The Lute Player

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Illustration from Andrew Lang's Fairy Books

The Lute Player — or The Tsaritsa Harpist — is a Russian fairy tale. [1] Andrew Lang included it in The Violet Fairy Book (1901).[2]

It is Aarne-Thompson type 888 The Faithful Wife.[3]

The instrument actually described in the fairy tale is a gusli.[4]


A king lived happily with his queen, but after a time, wanted to fight and so win glory. He set out against a wicked king, but lost and was captured. He sent a message to his queen to ransom him.

His queen thought that if she went herself, the wicked king would take her as one of his wives, and she did not know whether she could trust her ministers. She cut her hair, disguised herself as a boy, and set out with a gusli. She reached the court of the wicked king and charmed him with her music. He promised her whatever she wished, and she said she wanted a companion on the way, so she asked for one of his prisoners. He let her choose, and she picked the king.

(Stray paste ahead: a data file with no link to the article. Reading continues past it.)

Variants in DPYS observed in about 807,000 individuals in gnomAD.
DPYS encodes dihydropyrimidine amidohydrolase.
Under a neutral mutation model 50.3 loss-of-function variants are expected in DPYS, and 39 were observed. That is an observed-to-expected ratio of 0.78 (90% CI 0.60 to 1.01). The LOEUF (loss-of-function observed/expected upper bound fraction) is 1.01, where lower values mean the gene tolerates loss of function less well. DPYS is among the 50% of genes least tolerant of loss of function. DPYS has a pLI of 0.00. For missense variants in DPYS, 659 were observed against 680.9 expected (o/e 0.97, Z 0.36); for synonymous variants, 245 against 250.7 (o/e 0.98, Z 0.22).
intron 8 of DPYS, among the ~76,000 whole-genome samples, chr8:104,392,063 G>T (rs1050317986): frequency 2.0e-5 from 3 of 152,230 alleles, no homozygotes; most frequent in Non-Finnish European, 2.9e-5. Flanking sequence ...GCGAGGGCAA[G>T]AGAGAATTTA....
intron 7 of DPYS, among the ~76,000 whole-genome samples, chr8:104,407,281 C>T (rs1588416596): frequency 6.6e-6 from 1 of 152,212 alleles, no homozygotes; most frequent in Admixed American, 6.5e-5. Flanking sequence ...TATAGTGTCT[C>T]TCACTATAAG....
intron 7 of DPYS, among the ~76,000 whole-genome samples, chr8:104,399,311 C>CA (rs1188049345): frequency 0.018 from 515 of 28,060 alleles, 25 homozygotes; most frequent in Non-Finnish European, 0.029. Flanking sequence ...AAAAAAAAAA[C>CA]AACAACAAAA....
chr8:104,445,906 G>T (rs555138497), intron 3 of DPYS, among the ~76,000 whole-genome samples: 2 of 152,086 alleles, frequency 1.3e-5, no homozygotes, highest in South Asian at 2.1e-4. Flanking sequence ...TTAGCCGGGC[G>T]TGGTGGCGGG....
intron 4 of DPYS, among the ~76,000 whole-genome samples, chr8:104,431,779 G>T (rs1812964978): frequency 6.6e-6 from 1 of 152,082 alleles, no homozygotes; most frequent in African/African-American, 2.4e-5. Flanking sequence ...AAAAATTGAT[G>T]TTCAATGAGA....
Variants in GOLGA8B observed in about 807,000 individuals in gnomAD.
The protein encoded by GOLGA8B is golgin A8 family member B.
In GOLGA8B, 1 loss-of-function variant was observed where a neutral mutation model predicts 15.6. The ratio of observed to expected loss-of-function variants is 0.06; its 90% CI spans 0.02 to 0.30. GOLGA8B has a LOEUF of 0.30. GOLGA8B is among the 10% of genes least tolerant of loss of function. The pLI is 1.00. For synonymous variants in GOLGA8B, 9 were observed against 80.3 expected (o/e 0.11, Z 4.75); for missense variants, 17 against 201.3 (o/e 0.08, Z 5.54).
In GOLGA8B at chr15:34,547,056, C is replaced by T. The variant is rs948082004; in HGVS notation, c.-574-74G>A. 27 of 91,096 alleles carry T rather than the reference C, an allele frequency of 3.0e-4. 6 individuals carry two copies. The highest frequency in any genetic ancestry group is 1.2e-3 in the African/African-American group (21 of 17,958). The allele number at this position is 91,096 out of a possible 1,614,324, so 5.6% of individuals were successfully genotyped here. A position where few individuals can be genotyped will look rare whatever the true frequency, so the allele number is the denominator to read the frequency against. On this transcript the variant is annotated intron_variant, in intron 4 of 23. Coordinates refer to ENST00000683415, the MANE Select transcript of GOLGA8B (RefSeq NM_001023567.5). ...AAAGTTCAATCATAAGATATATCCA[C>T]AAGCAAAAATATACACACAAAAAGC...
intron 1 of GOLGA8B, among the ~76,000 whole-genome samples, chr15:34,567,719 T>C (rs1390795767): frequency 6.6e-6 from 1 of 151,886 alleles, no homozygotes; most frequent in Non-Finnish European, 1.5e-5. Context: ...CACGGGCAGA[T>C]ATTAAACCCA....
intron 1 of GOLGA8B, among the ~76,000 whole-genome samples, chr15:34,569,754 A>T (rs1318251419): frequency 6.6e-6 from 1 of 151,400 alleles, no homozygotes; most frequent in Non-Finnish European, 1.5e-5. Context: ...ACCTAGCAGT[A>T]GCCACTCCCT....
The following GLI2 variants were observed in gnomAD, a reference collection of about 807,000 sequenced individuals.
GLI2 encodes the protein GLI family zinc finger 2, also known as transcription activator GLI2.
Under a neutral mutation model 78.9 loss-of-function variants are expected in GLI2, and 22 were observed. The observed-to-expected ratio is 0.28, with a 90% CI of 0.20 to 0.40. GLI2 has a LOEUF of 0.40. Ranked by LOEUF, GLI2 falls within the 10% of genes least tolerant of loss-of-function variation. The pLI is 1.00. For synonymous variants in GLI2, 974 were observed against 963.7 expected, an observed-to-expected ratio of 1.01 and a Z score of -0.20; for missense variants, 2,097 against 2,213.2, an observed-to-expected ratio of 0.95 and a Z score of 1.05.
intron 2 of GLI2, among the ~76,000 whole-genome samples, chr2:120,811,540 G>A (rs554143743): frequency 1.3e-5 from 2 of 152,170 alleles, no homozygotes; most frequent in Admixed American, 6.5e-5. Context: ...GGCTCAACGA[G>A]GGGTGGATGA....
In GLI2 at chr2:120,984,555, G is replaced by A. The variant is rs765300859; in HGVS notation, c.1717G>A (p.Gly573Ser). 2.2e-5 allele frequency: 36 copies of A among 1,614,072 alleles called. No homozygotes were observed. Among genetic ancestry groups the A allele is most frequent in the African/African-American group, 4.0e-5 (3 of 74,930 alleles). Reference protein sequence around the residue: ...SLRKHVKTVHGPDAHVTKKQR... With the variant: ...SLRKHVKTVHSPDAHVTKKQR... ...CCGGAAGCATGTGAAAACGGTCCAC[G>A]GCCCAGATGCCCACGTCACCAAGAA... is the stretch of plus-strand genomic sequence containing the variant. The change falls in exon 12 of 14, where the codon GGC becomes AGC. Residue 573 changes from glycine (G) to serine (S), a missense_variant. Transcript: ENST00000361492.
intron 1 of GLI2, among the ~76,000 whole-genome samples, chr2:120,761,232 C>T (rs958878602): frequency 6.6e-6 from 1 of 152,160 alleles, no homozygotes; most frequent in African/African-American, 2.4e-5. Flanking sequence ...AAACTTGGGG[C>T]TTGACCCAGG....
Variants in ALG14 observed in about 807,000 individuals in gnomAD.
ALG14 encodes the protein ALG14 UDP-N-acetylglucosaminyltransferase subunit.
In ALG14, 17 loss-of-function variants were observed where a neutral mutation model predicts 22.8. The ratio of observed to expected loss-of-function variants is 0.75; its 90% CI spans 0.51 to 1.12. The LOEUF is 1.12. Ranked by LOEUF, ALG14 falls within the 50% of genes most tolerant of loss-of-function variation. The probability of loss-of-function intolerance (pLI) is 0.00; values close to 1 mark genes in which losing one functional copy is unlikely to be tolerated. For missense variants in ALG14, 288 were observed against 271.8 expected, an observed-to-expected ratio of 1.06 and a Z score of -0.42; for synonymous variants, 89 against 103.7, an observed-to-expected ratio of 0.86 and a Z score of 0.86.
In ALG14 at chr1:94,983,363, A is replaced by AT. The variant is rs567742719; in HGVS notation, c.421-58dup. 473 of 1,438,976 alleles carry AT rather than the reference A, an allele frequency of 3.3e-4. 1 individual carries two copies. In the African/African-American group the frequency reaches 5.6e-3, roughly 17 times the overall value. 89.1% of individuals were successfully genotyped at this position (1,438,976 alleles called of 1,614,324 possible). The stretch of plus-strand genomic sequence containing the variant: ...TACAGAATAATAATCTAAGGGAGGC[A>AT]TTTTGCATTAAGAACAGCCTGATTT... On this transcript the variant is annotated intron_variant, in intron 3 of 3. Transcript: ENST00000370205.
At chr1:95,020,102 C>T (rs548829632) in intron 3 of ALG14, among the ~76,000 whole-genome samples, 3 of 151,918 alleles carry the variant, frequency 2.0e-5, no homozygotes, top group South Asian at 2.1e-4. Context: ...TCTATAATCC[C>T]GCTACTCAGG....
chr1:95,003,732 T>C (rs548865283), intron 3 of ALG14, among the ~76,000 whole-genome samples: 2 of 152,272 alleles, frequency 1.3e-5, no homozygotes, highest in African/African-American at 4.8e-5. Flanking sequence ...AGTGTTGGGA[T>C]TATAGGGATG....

They went back to their country without his discovering who she was. She left him before he reached his court. He was angry that his wife had not ransomed him, and even more angry that she had vanished and just returned, assuming she had been unfaithful. She disguised herself as the musician again, and her husband promised her whatever reward she wished. She told him she wanted him, and revealed she was the queen.

See also[edit]


  1. ^ The Lute Player: A Tale from Russia. ISBN 9781936163915.
  2. ^ Andrew Lang, The Violet Fairy Book, "The Lute Player"
  3. ^ D. L. Ashliman, The Faithful Wife: folktales of Aarne-Thompson-Uther type 888
  4. ^ Kathleen Ragan, Fearless Girls, Wise Women, & Beloved Sister p 96 ISBN 0-393-04598-6